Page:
Also on the south end of the island is Sea Pines Forest Preserve, at the Sea Pines Resort, 32 Greenwood Dr. (tel. 843/363-4530; www.seapines.com), a 605-acre public wilderness area with marked walking trails. Nearly all the birds and animals known to live on Hilton Head can be seen here. Yes, there are alligators, but there are also less fearsome creatures, such as egrets, herons, osprey, and white-tailed deer. All trails lead to public picnic areas in the center of the forest. The preserve is open from sunrise to sunset year-round. Maps and toilets are available.
A little further afield, Pinckney Island National Wildlife Refuge (tel. 912/652-4415; www.fws.gov/pinckneyisland) is protected land with 115 prehistoric and historic sites. French and Spanish settlers inhabited Pinckney Island in the 1500s, with the first permanent settlement formed in 1708. The island is named for General Charles Cotesworth Pinckney, a signer of the U.S. Constitution. By 1818, more than 200 slaves were used to harvest sea-island cotton here. In 1975, the refuge was donated to the U.S. Fish and Wildlife Service. Today, it comprises four islands, including Corn, Little Harry, Big Harry, and Pinckney, the latter the largest of the islands with 1,200 acres. The islands are riddled with hiking and biking trails, and are home to large concentrations of white ibis, herons, and egrets; you may even spot osprey nests. Two of the island’s freshwater ponds were ranked among the top-20 wading-bird colony sites of South Carolina’s coastal plain. Alligators are also a common sight. To get here, take I-95 to S.C. exit 8; go east on Hwy. 278 toward Hilton Head for 18 miles to the refuge entrance. From Hilton Head itself, exit the island via Hwy. 278 west. The refuge, which can be visited during daylight hours (free admission), will be on your right after a 30-minute drive.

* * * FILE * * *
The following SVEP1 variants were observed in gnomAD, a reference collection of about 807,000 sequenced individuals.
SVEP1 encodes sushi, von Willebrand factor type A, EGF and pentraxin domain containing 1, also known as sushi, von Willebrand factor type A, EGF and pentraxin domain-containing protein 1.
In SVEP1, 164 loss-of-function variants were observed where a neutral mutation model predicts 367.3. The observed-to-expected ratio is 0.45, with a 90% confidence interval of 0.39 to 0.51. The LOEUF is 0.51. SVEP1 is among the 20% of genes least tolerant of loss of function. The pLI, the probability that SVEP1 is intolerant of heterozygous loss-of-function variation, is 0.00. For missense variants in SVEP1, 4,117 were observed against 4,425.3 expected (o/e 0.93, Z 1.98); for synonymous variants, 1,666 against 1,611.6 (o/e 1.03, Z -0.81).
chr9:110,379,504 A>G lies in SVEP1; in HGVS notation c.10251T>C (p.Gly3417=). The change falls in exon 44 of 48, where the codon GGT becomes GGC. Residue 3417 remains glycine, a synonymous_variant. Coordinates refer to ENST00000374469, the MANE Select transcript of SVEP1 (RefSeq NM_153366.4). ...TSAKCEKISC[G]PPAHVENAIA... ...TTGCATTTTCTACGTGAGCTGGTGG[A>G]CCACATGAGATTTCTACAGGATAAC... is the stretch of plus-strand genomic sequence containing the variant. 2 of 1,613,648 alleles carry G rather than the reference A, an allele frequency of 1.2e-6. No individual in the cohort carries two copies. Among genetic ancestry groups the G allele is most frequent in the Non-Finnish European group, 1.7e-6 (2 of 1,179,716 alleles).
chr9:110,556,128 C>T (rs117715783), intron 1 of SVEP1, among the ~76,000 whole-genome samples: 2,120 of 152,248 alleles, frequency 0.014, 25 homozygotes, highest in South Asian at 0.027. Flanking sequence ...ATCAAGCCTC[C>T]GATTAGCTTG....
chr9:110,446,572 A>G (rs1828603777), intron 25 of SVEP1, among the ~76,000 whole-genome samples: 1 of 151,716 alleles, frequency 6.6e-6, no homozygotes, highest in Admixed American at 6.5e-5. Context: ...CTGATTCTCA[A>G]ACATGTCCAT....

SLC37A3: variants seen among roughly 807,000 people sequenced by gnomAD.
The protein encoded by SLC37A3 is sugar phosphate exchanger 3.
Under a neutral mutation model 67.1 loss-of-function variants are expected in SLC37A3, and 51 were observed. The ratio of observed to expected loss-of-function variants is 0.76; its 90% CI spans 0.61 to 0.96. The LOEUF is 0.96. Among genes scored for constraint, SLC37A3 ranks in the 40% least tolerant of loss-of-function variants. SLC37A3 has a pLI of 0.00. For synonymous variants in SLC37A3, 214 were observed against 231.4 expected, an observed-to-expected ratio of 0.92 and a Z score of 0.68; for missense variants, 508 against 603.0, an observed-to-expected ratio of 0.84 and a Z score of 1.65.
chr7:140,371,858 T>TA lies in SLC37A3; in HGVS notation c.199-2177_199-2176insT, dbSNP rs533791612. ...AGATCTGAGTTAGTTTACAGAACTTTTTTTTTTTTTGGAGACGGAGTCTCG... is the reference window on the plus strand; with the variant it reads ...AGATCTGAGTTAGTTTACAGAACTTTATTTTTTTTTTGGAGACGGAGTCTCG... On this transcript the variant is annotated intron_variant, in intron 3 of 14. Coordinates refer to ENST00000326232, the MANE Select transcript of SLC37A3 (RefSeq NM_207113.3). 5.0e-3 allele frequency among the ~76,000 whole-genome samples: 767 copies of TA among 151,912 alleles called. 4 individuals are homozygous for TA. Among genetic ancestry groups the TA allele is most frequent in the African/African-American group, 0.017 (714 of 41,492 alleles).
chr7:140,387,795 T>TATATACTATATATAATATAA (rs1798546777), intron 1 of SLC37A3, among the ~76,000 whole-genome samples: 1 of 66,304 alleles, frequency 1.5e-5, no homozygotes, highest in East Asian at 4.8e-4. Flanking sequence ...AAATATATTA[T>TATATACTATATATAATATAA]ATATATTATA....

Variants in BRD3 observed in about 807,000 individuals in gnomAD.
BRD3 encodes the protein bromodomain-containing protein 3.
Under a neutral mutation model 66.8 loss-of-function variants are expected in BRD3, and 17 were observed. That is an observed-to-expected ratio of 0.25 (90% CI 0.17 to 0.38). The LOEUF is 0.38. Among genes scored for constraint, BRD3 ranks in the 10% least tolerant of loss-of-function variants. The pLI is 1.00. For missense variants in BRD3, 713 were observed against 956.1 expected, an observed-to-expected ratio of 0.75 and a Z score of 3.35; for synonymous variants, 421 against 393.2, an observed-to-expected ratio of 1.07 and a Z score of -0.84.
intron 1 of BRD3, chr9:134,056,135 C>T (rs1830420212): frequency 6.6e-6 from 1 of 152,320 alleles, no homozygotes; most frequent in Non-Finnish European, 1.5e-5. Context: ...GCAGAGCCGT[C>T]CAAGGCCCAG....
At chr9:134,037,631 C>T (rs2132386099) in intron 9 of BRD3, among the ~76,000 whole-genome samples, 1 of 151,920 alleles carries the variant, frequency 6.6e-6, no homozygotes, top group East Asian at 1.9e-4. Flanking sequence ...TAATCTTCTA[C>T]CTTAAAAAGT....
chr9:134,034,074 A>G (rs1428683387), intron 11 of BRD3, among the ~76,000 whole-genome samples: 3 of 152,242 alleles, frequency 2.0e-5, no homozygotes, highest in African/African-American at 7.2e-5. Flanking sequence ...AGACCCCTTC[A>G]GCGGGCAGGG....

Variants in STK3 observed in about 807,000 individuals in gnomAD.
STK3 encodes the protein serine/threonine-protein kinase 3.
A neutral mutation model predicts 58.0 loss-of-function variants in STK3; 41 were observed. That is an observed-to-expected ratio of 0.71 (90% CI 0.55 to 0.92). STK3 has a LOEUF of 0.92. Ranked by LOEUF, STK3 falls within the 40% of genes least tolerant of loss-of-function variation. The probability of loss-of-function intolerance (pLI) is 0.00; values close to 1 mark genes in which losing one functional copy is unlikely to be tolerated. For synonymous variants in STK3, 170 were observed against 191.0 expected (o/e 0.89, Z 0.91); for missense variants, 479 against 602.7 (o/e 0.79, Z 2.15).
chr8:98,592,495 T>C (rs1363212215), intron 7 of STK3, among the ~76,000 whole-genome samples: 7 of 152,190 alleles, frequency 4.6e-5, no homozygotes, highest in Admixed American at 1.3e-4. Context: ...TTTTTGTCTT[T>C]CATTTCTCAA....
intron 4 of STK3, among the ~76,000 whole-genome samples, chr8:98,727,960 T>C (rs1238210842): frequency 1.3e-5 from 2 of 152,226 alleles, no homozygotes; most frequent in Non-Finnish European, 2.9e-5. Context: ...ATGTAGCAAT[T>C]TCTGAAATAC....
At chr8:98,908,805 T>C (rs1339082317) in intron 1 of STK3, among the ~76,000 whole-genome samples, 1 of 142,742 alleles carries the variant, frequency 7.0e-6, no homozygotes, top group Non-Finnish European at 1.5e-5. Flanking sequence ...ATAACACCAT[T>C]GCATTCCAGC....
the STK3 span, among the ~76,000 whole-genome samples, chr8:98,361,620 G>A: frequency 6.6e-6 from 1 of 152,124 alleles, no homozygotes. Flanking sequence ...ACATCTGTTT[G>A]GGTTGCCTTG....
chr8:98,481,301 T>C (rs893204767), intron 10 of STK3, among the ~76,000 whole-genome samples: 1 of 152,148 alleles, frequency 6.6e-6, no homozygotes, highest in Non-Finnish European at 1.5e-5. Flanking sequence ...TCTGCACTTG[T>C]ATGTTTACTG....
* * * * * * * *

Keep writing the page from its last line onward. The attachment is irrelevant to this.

Note: This information was accurate when it was published, but can change without notice. Please be sure to confirm all rates and details directly with the companies in question before planning your trip.